Friday, October 17, 2008


Cagey looks up from his soup to see two figures seated across from him. Cagey lowers his spoon, the soup in it uneaten. The girl, a blonde, appears to be mentally retarded, or at the very least brain damaged. However, unlike most mentally retarded individuals Cagey has observed, the girl is very beautiful, and her hygiene is impeccable: waves of long hair shine in the restaurant light, her makeup is restrained but effective, and her teeth are perfect. The overall effect is ruined by the small string of drool that collects at the corner of her mouth as she laughs her idiot laugh. Her eyes are glassy and deadened as she stares across the table at Cagey.

The dark-haired man seated next to her, on the other hand, radiates intelligence shot through with malice. His hair is slicked back from his high, proud forehead in a widow’s peak, and his arched eyebrows accentuate the eyes. A thick, flaky crust obscures those eyes, however, and its grayish color reflects the light in silvery glints. Although the face around the eyes is very animated, the crusts never crack, and the man never blinks. He just sits across from Cagey, next to the blonde moron, grinning a sickening, toothy grin. Neither speaks; they only regard Cagey silently for several minutes until he finally speaks.

“Um, is there something I can help you with?”

The dark-haired man giggles, mocks him: “Uh, uh, is there something I can help you with?” The idiot girl laughs her idiot laugh. They sit and continue to watch him.

“Why did you sit down here with me?”

The dark-haired man shrugs. “Didn’t. We were already here.” The blonde looks confused, nods, her jaw slack.

Cagey’s irritation begins to supplant his feelings of unease. “Sooo, I sat down here, at your table. Where you were the whole time. That’s what happened.”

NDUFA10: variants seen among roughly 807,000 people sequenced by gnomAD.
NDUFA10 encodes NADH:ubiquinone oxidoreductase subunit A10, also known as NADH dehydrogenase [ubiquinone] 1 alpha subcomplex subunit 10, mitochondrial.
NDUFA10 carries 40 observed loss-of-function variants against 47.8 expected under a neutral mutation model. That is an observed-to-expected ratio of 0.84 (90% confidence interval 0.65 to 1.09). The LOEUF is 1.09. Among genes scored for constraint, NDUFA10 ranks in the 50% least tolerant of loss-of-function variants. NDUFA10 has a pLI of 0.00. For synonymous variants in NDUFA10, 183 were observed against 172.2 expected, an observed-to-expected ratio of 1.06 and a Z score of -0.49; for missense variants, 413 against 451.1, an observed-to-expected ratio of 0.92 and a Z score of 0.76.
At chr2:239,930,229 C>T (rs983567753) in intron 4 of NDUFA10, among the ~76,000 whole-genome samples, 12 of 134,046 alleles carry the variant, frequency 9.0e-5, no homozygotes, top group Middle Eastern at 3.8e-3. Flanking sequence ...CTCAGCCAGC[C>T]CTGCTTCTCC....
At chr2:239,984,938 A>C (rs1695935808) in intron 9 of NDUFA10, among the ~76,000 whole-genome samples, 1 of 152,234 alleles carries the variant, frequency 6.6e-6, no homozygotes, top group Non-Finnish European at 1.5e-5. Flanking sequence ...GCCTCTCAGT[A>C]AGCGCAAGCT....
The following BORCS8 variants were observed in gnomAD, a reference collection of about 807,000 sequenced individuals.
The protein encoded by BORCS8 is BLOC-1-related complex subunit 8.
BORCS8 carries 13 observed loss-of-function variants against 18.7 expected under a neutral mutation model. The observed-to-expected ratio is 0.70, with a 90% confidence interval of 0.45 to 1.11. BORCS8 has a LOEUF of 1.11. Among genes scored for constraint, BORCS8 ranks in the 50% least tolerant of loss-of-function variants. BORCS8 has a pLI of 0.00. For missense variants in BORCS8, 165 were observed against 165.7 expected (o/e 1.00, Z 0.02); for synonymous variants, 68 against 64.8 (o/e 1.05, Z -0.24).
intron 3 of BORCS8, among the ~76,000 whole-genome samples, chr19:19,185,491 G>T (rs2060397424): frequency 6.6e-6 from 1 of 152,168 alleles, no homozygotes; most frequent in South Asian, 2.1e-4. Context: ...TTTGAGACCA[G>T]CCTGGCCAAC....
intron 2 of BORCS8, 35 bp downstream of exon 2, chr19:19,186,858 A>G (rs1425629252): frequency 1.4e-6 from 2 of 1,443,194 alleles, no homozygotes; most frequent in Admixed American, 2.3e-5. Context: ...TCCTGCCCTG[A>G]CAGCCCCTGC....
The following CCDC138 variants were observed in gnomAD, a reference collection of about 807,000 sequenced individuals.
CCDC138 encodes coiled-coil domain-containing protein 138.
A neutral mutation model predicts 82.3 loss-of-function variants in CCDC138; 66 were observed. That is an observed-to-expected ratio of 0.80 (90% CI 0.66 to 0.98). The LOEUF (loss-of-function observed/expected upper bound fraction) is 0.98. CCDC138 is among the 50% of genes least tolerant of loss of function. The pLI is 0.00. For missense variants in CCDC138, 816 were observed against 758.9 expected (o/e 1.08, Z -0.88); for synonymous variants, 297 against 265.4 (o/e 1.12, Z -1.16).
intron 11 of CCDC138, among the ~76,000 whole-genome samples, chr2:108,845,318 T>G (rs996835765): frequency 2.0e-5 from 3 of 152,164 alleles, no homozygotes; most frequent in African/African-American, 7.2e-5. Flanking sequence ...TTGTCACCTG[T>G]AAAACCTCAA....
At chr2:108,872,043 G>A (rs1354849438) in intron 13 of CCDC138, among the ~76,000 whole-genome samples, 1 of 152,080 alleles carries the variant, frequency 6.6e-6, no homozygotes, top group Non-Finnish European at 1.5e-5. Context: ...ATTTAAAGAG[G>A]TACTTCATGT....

The dark-haired man shrugs again. “You should come with us. We have some things to show you. Some things you’ll want to see.” The blonde imbecile nods emphatically, grunts, spittle flecking her chin.

“Wow. Wow, I don’t think so.”

The dark-haired man grins again, and Cagey’s stomach tightens up with apprehension. “You’ll end up going, one way or the other. It can be now, or there’s a bus that’ll take you later.”

“A bus?”

The man’s grin grows even broader. “Yeah, a bus. You don’t want to meet the bus driver.” The idiot girl laughs gutturally. The dark-haired man turns to her, grinning, looks back at Cagey. “Yeah. The bus driver. He’s, like…binary, man.”


“Yeah, you know: if we’re all Ones, then he’s a…”

The idiot girl shouts it: “Zero!” She laughs and laughs, clapping her hands awkwardly together. The man laughs as well, continues staring at Cagey through the flaky gray crusts.

“Mm-hm. That’s right.” The dark-haired man jerks his thumb over at the blonde. “He touched her once, and part of her came off in his hand.” The blonde continues her nodding and giggling. The dark-haired man gets up, motions the blonde out of the booth. She pushes herself up and nearly tumbles out, steadying herself on the table. “My name is Charles. My sister’s name…is Suzie. We’ll see you again. You won’t forget us any time soon.”

Cagey chuckles mirthlessly. “No, no I won’t.”

The pair moves towards the door of the restaurant, the girl leaning into her brother for support. Cagey watches them walk out into the parking lot to a long, boxy black car of indeterminate make and vintage. A man gets out of the driver’s seat, at least it looks like a man, all dressed in black. It is hard to see across the dimly lit parking lot but he appears to open the rear driver’s side door to let Suzie into the car. He assists her as Charles gets in on the passenger side. The man in black appears to turn back to the restaurant, and it is then that the music coming through the speakers begins to warp, sounding as if a child were playing with an AM dial, voices and snatches of music coming in and out through the strange echoes of the sine waves. The man in black turns, gets back into the driver’s seat, and pulls out into the night without his lights on. The restaurant’s radio returns to its regular program of frothy j-pop. Cagey turns back to his soup bowl and exhales, palms down before him on the tabletop. He then gets up suddenly, almost runs over to the waiter tabulating bills at the register by the door. The waiter looks up, smiles as Cagey approaches.

“Can I help you, sir?”

“Yeah, did you see those two people just leave? What was wrong with that guy’s eyes?”

The waiter looks confused. “Eyes…?”

It takes Cagey about ten seconds to realize that the waiter’s English extends to menu items and “Can I help you, sir?” Cagey smiles uncomfortably, waves him off and returns to his table. His soup is cold. His dinner is ruined. Cagey throws down a twenty, not feeling able to wait for the bill this evening, and stalks out to his car.